Botnet-For-Hire Model Resurfaces in New IMDDOS Botnet

Type threatpost
Reporter Dennis Fisher
Modified 2018-08-15T12:03:00


Researchers have identified a new botnet based in China that was openly selling DDoS-for-hire services and had managed to plant roots inside a number of major U.S. ISPs. The botnet, known as IMDDOS, is mostly contained right now and the researchers are working with authorities to locate its operators.

A group of researchers at Damballa discovered the botnet a few months ago when they stumbled upon a couple of suspect domains while investigating another incident. They traced the domains back to a single domain in China. The more they looked into the botnet, the more infections they found, eventually identifying infected domains in a large number of ISPs in the U.S. and abroad.

The IMDDOS botnet was being leased out in discrete chunks to customers willing to pony up the cash. This is a fairly common business model for bot herders, but it’s not that often that the crew behind the operation puts up a professional Web front end and hires a sales team to market their services. But that’s the way this crew was going about it, the Damballa researchers said. A customer could rent out a specific piece of the botnet and then turn it loose on whatever target he had in mind.

Damballa officials said the operation appeared to be quite professional, and went so far as to include a dedicated sales team. They estimate that the IMDDOS botnet is somewhat larger in terms of activity than the Bobax botnet, but didn’t have an estimated number of infected machines.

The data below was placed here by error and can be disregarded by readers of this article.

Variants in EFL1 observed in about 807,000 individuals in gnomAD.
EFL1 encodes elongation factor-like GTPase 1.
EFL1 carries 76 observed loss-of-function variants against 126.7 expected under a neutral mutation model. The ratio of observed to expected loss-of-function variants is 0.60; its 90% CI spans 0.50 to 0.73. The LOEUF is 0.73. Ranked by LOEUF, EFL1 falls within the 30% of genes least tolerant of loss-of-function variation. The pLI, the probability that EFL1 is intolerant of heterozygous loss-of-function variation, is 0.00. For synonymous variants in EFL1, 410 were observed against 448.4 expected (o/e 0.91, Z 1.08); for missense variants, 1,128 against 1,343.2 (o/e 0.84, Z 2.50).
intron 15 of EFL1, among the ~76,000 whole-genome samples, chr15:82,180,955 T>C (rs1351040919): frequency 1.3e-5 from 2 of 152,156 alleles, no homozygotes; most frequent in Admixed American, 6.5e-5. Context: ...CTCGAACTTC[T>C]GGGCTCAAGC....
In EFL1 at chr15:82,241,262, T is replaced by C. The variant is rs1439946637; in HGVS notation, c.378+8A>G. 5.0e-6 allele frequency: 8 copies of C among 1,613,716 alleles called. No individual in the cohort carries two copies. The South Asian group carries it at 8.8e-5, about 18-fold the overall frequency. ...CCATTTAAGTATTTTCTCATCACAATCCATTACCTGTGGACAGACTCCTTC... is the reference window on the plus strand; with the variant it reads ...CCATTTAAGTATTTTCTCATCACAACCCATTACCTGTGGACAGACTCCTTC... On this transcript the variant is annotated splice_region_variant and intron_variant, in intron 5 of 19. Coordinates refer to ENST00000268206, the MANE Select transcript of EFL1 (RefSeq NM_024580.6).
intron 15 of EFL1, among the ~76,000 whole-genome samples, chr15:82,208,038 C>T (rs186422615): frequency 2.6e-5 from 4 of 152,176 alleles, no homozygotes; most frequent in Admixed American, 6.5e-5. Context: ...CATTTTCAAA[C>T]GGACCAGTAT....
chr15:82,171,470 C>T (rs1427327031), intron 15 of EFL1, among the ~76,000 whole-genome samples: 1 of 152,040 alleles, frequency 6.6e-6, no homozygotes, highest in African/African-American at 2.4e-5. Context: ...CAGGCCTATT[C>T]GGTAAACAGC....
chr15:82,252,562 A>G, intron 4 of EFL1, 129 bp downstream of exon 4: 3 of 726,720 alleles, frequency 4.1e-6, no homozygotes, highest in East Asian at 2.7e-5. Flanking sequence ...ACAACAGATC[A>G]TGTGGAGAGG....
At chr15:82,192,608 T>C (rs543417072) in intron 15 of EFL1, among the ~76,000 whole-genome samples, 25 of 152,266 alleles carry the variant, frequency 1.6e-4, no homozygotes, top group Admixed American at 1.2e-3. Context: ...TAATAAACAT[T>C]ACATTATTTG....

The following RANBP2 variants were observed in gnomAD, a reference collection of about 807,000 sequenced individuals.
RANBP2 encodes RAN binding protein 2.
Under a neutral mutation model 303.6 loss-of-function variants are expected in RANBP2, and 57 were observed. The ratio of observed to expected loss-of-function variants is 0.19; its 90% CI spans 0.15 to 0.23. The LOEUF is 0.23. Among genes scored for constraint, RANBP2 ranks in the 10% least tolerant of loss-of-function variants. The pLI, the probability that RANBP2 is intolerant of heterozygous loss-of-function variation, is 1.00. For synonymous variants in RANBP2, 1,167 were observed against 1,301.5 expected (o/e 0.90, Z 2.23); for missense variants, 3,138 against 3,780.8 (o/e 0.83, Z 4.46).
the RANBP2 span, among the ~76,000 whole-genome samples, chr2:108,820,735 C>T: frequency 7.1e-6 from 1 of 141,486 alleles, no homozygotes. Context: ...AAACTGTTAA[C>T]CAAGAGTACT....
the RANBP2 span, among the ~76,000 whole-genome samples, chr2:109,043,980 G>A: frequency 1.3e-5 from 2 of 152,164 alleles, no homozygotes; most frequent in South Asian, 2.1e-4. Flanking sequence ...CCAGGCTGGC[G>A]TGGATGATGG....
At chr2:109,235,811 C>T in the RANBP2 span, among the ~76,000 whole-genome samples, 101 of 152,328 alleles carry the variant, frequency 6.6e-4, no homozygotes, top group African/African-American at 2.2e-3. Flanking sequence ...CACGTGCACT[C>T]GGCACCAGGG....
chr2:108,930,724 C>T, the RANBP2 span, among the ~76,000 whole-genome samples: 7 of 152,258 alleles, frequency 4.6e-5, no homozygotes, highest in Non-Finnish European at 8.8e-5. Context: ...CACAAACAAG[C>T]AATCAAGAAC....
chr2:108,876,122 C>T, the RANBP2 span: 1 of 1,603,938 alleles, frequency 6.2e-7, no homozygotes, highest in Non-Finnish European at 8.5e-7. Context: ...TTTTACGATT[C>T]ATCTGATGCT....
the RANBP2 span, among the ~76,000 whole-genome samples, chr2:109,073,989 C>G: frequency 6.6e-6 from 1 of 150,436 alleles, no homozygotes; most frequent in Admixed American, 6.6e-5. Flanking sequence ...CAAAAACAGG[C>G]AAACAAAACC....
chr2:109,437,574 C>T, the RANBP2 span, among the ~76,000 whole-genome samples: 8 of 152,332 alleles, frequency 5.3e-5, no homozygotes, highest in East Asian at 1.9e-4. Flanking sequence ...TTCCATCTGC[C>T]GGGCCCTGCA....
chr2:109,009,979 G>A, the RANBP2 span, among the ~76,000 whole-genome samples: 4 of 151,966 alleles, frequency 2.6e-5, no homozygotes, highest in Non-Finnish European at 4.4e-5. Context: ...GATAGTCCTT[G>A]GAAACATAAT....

The malware planted on infected machines isn’t especially sophisticated, although the bot herders took some precautions to ensure that there’s no cross-pollination among customers. For example, there are small differences between each version of the malware that customers get, so each one has a different hash. When the malware connects back to the C&C server, it is only able to access the one portion of the server where his target list is hosted.

“Each version has certain identifying characteristics that distinguish them,” said Christopher Elisan, senior research analyst at Damballa. “One PC could be infected with multiple copies and controlled by different bot operators.”

Most of the infections appear to be in mainland China and the main Chinese domain associated with the botnet has a list of other domains that are part of the botnet, which can be leased out to customers. Damballa researchers have been in touch with law enforcement authorities and the ISPs that they’ve identified as being infected by IMDDOS. They believe that the botnet is mostly contained at this point, as they’ve identified what they think are all of the C&C servers. However, it’s not clear whether the hosting providers who own those servers will all cooperate in taking the botnet down.